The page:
The ultimate St Patrick’s Day menu to help you celebrate at home
St Patrick’s Day is coming, but not as we know it. While the event has long been globally appropriated as an excuse to paint ourselves green and down unlimited pints, closed bars will stop revellers celebrating the event in the boozy manner to which they have become accustomed. However, this could be a good opportunity to get a taste of Irish culture with a greater depth of flavour. Here are some of our favourite gaelic-inspired dishes and drinks to see you through the day – and night.
Start your day the best way with these traditional Irish pancakes. A hearty breakfast of boxty, which are made using a combination of mashed potato, shredded potato and flour, will fuel your celebrations whilst also providing a carby base if you do choose to sneak a slug of whisky into your morning coffee. According to the rhyme, “Boxty on the griddle, boxty on the pan; if you can’t make boxty, you’ll never get a man”. While we will neither confirm nor endorse its efficacy as a pulling technique, we can guarantee that these pancakes taste great amazing alongside bacon and eggs. Nail your technique with Felicity’s Cloake’s recipe for the perfect boxty.
If you’re a sucker for sourdough, there’s another increasingly popular artisan loaf that might knock your jar of starter off the top spot. Irish soda bread gets its name from the substitution of bicarbonate of soda instead of traditional yeast, which makes it a great alternative for anyone who suffers from bloating. It’s both simple to bake and nutritious: made using only buttermilk, flour, bicarb and salt, the dough is low in saturated fat and high in fibre. Even if you’re not on a health kick, it has a delicious natural flavour that’s great for sandwiches. Add sugar or raisins for subtle sweetness, or go rustic with Clodagh McKenna’s rosemary soda bread recipe.
Sticking with lunch, we’ve also got the perfect accompaniment for your freshly baked bread. While the famous Californian clam chowder is typically served in a hollowed-out sourdough loaf, a slice of soda bread will work perfectly with an Irish seafood chowder. For the best results, you’ll want to use the freshest fish and vegetables you can find. In our opinion smoked haddock is the key ingredient in this creamy seafood soup, while prawns and mussels also make an indulgent addition alongside onions, shallots and fresh herbs. Try out this unbeatable fish chowder recipe from Eric Matthews, head chef at Dublin’s Michelin-starred Chapter One.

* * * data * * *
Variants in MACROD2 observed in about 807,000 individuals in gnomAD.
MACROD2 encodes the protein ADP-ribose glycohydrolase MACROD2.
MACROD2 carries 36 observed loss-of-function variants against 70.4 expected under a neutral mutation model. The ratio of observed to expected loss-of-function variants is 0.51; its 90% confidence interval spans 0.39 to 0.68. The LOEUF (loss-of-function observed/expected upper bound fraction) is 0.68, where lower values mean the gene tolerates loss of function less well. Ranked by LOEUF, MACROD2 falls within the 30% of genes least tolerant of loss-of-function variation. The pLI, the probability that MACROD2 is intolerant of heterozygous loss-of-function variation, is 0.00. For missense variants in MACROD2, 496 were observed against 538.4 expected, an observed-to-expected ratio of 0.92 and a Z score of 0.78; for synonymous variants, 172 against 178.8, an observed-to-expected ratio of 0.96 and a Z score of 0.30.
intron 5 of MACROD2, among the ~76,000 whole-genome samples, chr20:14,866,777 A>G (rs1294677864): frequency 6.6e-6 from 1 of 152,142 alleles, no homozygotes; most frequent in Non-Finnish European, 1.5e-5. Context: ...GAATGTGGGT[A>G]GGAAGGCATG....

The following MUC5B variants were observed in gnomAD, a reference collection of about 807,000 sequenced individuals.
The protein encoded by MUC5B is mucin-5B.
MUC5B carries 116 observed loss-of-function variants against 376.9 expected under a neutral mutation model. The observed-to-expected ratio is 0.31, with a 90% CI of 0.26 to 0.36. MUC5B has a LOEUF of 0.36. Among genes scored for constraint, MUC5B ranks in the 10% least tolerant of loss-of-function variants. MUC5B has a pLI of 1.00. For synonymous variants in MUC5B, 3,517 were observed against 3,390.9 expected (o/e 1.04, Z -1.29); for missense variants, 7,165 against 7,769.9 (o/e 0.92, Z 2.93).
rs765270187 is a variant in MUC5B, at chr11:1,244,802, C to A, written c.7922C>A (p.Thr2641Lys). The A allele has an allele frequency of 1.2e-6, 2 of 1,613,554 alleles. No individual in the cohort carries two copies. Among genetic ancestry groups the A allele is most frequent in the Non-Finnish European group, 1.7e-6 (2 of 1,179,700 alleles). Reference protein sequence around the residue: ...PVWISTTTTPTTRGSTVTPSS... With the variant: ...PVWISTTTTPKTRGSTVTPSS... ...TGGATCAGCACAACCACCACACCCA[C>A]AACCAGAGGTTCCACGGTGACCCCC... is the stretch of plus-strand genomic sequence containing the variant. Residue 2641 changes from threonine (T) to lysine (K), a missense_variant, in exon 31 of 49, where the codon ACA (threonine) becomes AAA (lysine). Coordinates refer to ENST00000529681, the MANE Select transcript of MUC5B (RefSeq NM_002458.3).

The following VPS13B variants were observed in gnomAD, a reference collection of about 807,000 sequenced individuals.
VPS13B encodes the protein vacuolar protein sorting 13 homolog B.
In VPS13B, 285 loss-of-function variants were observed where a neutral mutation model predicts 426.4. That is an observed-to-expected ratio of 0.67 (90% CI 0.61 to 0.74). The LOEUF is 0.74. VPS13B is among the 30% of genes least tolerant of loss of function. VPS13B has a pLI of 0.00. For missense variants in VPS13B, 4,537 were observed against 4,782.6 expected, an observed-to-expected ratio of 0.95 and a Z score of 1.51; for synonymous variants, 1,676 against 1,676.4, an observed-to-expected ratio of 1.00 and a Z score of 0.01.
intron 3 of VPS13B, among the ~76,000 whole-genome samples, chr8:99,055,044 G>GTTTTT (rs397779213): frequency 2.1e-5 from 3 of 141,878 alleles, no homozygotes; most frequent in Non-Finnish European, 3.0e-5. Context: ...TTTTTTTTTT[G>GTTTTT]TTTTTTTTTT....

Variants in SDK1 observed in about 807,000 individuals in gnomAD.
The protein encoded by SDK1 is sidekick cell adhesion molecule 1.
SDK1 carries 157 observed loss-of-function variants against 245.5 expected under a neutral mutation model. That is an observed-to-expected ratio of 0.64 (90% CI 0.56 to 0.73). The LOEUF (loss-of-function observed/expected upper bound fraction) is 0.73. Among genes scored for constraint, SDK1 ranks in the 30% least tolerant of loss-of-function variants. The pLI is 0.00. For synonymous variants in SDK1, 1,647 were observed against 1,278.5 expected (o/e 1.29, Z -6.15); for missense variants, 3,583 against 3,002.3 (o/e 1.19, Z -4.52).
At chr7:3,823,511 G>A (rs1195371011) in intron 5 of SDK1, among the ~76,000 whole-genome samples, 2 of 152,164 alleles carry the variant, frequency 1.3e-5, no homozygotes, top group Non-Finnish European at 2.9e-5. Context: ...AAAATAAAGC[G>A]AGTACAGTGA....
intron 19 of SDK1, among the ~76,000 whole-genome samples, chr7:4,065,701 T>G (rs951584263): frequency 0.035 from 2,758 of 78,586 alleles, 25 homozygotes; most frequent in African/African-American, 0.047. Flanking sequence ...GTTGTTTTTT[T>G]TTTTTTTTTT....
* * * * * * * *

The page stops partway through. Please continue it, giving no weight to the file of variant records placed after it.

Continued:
Now it’s time to move onto the main event: your St Patrick’s Day dinner. Though you may be tempted by a classic Irish stew, there’s another hearty home-cooked staple that pays homage to succulent Irish lamb (or whatever you can buy in your local supermarket). There’s nothing quite so comforting as a hot shepherd’s pie, and this recipe by Home Cooking Adventure upgrades the dish by cooking the meat in Guinness for a St Patrick’s day twist. It may seem like a simple dish, but if you want to make it a centrepiece for the table you can make your pie fancier by piping the mashed potato on top to create an elegant pattern.
All green colcannon
For the veggies and vegans out there, we also have a great plant-based alternative. While traditional Irish Colcannon is made from a creamy mixture of buttery mashed potatoes and cabbage or kale, this version switches out the dairy for coconut milk, with a splash of Yondu for flavour. It’s completely vegan-friendly but retains that silky texture.
2 Maris Piper (or similar) potatoes, diced (450g)
½ bunch kale, de-stemmed and chopped
5 spring onions, chopped
1 tbsp olive oil
230ml coconut milk (unsweetened)
1 tbsp Yondu
- Boil the potatoes for around 15 minutes or until fork-tender; drain and reserve.
- Using the same pot over medium heat, add olive oil and kale and sauté for three minutes. Add spring onions; cook for one minute more.
- Mix in coconut milk and Yondu and bring to a boil.
- Add reserved potatoes and cook for one minute. Turn the heat off and mash with a potato-masher or fork. Garnish with lots of freshly cracked pepper and olive oil.
Chocolate and Guinness cake
Now it’s time for the best part: pudding. We wouldn’t blame you if you skipped the rest entirely, so decadent is Olive Magazine’s Chocolate and Guinness Cake, inspired by a pairing that was first made popular by the iconic Nigella Lawson. If you haven’t tried the combination before, rest assured this dessert ticks all the boxes: rich dark chocolate, creamy icing and plenty of booze. It seems a fitting way to end a meal or even start festivities on St Patrick’s Day, and there might be enough left to feed the family for the week – no promises there though.
An Púca cocktail
We couldn’t conclude our St Patrick’s day menu without an alcoholic sendoff, so to start the night right, here is a colourful cocktail courtesy of Bacardi. This tropical tipple is simple to make and pays homage to the Irish flag, making it the perfect addition to a patriotic spread.
35ml Bacardi Carta Blanca
15ml Real Coco
15ml Lime juice
50ml Pineapple juice
- Pour ingredients into a cocktail shaker along with plenty of ice.
- Fine strain into a crushed candy-rimmed glass.